Perhaps the most recent and notorious invocation of the Holmes maxim was in the Winstar Supreme Court decision. (United States v. Winstar Corp., 518 U.S. 839 (1996)) Because the FSLIC lacked the funds to liquidate all of the failing thrifts during the savings and loan crisis of the 1980’s, the Federal Home Loan Bank Board encouraged healthy thrifts and outside investors to take over ailing thrifts. As inducement, the Bank Board agreed to permit buyers to designate the excess of the purchase price over the fair value of identifiable assets as an intangible asset referred to as supervisory goodwill, and to count this goodwill toward the capital reserve requirements imposed by federal regulations. Congress’s subsequent passage of the Financial Institutions Reform, Recovery, and Enforcement Act of 1989 prohibited thrifts from counting this goodwill in computing the required reserves. A number of thrifts put out of business by the change in the rules sued on the theory that the promise to be able to use goodwill as an asset counting toward the capital reserve requirements was a contractual obligation that was breached by the government. The majority confirmed the judgment of the courts below that the thrifts were entitled to recover against the government for breach of contract.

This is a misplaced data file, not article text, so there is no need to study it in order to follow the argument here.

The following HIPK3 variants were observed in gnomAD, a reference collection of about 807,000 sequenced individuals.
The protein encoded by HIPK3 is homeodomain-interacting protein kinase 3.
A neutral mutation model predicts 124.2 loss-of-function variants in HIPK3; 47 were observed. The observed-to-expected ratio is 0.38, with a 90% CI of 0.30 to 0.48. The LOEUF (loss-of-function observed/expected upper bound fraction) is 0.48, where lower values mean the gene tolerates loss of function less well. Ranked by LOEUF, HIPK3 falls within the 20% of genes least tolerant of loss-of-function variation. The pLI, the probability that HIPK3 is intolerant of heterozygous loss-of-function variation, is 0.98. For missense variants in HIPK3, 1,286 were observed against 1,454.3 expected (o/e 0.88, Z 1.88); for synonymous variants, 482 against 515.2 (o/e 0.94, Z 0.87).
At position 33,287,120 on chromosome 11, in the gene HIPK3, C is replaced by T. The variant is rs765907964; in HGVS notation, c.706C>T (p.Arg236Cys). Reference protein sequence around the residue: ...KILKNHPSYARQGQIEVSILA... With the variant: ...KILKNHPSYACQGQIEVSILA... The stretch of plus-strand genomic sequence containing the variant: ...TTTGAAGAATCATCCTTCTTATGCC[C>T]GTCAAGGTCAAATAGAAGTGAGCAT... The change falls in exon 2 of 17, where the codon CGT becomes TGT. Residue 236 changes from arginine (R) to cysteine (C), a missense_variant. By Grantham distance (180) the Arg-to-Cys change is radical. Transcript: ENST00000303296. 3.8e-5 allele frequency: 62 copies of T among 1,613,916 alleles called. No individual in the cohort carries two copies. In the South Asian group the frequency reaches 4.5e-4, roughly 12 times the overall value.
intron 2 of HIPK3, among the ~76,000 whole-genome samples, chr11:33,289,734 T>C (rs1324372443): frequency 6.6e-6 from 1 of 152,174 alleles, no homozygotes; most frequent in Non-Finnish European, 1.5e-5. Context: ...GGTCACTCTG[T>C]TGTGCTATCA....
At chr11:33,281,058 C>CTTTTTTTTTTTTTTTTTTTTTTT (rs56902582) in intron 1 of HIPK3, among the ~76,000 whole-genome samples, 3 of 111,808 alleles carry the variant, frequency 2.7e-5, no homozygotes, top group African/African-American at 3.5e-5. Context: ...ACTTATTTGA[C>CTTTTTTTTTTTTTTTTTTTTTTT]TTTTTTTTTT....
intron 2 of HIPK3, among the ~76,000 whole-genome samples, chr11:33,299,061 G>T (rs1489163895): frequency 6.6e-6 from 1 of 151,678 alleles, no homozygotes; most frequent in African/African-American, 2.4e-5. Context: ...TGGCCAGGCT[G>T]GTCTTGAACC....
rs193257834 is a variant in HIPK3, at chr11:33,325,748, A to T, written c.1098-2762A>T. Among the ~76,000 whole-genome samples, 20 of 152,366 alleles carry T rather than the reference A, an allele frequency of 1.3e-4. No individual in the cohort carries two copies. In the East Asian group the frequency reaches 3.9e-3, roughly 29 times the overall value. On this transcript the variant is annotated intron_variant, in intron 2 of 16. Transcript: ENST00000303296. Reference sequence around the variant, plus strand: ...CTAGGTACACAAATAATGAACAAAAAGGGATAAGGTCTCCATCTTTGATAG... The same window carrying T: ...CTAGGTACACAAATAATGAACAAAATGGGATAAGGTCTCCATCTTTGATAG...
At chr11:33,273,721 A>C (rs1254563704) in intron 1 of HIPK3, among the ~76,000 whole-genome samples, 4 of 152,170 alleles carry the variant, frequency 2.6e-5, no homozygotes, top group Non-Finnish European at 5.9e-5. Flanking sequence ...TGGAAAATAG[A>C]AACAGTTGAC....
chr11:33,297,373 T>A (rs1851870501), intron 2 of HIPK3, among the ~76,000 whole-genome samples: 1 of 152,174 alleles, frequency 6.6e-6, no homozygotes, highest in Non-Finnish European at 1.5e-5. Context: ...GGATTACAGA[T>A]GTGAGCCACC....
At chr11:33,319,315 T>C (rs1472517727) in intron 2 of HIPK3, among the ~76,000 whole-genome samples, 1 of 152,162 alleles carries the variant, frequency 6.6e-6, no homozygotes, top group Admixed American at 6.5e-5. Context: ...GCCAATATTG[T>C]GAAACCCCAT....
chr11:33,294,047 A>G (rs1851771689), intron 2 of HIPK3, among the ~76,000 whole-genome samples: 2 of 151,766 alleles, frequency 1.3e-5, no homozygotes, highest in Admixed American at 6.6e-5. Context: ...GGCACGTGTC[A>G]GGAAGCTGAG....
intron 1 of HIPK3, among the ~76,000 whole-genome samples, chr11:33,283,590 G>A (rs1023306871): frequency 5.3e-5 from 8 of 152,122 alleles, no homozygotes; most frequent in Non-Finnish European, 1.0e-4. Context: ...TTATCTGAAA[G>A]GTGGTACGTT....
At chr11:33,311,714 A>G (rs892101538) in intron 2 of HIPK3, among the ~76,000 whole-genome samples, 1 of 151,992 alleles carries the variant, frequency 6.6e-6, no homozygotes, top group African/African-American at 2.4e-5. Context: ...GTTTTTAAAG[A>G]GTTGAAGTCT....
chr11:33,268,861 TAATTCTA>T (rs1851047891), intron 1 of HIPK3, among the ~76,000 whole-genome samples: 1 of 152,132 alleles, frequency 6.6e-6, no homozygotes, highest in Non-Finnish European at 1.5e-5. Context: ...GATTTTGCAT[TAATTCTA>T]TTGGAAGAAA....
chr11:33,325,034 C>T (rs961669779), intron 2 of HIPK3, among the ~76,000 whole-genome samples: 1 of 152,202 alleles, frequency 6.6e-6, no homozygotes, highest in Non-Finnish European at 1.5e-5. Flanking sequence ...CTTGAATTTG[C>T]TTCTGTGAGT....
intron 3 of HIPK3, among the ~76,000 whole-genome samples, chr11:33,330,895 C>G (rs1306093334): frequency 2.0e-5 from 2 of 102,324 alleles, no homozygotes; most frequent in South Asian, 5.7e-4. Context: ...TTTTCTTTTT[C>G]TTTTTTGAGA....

Between the various opinions in Winstar, almost all of the cases referenced above were invoked. Chief Justice Rehnquist dissenting, invoked the Holmes maxim with this explanation: “The wisdom of this principle arises, not from any ancient privileges of the sovereign, but from the necessity of protecting the federal fisc — and the taxpayers who foot the bills — from possible improvidence on the part of the countless Government officials who must be authorized to enter into contracts for the Government.” In his concurring opinion, Justice Scalia said in response to the government’s argument that the promise to recognize the supervisory goodwill was not “unmistakable:”

It was found below that the Government had plainly made promises to regulate in a certain fashion, into the future; I agree with those findings, and I would conclude, for the reasons set forth above, that the promises were unmistakable. Indeed, it is hard to imagine what additional assurance that the course of regulation would not change could have been demanded — other than, perhaps, the Government’s promise to keep its promise. That is not what the doctrine of unmistakability requires. While it is true enough, as the dissent points out, that one who deals with the Government may need to “turn square corners,” . . . he need not turn them twice.